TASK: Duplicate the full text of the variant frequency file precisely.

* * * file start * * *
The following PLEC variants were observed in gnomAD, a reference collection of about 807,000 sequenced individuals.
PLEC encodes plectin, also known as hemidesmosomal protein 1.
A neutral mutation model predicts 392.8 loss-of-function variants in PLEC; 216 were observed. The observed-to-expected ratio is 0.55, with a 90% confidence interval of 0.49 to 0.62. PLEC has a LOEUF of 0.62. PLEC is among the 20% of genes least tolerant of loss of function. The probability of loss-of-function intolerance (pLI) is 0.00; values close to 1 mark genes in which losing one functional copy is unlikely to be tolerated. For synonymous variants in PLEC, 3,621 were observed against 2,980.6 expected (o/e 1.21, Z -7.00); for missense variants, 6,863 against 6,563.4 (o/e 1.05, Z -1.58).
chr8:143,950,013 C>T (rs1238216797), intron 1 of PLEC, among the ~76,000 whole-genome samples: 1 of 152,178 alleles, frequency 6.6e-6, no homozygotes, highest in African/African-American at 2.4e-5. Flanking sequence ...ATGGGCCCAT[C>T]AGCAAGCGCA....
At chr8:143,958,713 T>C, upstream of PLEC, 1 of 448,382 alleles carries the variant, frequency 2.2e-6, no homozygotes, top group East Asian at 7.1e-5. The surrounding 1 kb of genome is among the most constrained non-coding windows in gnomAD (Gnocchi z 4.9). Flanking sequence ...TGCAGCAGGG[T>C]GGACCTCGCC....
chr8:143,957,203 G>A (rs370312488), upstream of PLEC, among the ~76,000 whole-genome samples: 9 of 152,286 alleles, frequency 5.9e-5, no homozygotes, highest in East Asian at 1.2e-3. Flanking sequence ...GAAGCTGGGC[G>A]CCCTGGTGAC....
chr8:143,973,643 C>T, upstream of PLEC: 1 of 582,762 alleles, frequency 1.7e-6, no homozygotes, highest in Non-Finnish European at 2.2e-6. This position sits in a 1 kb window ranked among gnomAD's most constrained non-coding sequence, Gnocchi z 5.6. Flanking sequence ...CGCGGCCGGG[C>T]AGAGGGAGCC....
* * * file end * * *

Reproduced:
The following PLEC variants were observed in gnomAD, a reference collection of about 807,000 sequenced individuals.
PLEC encodes plectin, also known as hemidesmosomal protein 1.
A neutral mutation model predicts 392.8 loss-of-function variants in PLEC; 216 were observed. The observed-to-expected ratio is 0.55, with a 90% confidence interval of 0.49 to 0.62. PLEC has a LOEUF of 0.62. PLEC is among the 20% of genes least tolerant of loss of function. The probability of loss-of-function intolerance (pLI) is 0.00; values close to 1 mark genes in which losing one functional copy is unlikely to be tolerated. For synonymous variants in PLEC, 3,621 were observed against 2,980.6 expected (o/e 1.21, Z -7.00); for missense variants, 6,863 against 6,563.4 (o/e 1.05, Z -1.58).
chr8:143,950,013 C>T (rs1238216797), intron 1 of PLEC, among the ~76,000 whole-genome samples: 1 of 152,178 alleles, frequency 6.6e-6, no homozygotes, highest in African/African-American at 2.4e-5. Flanking sequence ...ATGGGCCCAT[C>T]AGCAAGCGCA....
At chr8:143,958,713 T>C, upstream of PLEC, 1 of 448,382 alleles carries the variant, frequency 2.2e-6, no homozygotes, top group East Asian at 7.1e-5. The surrounding 1 kb of genome is among the most constrained non-coding windows in gnomAD (Gnocchi z 4.9). Flanking sequence ...TGCAGCAGGG[T>C]GGACCTCGCC....
chr8:143,957,203 G>A (rs370312488), upstream of PLEC, among the ~76,000 whole-genome samples: 9 of 152,286 alleles, frequency 5.9e-5, no homozygotes, highest in East Asian at 1.2e-3. Flanking sequence ...GAAGCTGGGC[G>A]CCCTGGTGAC....
chr8:143,973,643 C>T, upstream of PLEC: 1 of 582,762 alleles, frequency 1.7e-6, no homozygotes, highest in Non-Finnish European at 2.2e-6. This position sits in a 1 kb window ranked among gnomAD's most constrained non-coding sequence, Gnocchi z 5.6. Flanking sequence ...CGCGGCCGGG[C>T]AGAGGGAGCC....